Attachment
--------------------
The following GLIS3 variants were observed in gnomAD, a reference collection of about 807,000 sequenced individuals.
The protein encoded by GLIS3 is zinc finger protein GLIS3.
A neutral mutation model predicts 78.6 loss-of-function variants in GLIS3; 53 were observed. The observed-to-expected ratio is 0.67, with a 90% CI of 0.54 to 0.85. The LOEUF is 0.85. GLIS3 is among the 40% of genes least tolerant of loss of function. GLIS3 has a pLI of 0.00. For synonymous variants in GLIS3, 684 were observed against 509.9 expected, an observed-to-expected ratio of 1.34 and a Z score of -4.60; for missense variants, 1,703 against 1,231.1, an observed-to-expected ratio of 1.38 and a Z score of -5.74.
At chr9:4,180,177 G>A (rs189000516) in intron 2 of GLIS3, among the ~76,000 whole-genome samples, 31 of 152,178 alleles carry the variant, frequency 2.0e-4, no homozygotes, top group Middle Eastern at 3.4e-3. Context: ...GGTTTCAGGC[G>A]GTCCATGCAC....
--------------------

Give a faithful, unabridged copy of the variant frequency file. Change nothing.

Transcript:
The following GLIS3 variants were observed in gnomAD, a reference collection of about 807,000 sequenced individuals.
The protein encoded by GLIS3 is zinc finger protein GLIS3.
A neutral mutation model predicts 78.6 loss-of-function variants in GLIS3; 53 were observed. The observed-to-expected ratio is 0.67, with a 90% CI of 0.54 to 0.85. The LOEUF is 0.85. GLIS3 is among the 40% of genes least tolerant of loss of function. GLIS3 has a pLI of 0.00. For synonymous variants in GLIS3, 684 were observed against 509.9 expected, an observed-to-expected ratio of 1.34 and a Z score of -4.60; for missense variants, 1,703 against 1,231.1, an observed-to-expected ratio of 1.38 and a Z score of -5.74.
At chr9:4,180,177 G>A (rs189000516) in intron 2 of GLIS3, among the ~76,000 whole-genome samples, 31 of 152,178 alleles carry the variant, frequency 2.0e-4, no homozygotes, top group Middle Eastern at 3.4e-3. Context: ...GGTTTCAGGC[G>A]GTCCATGCAC....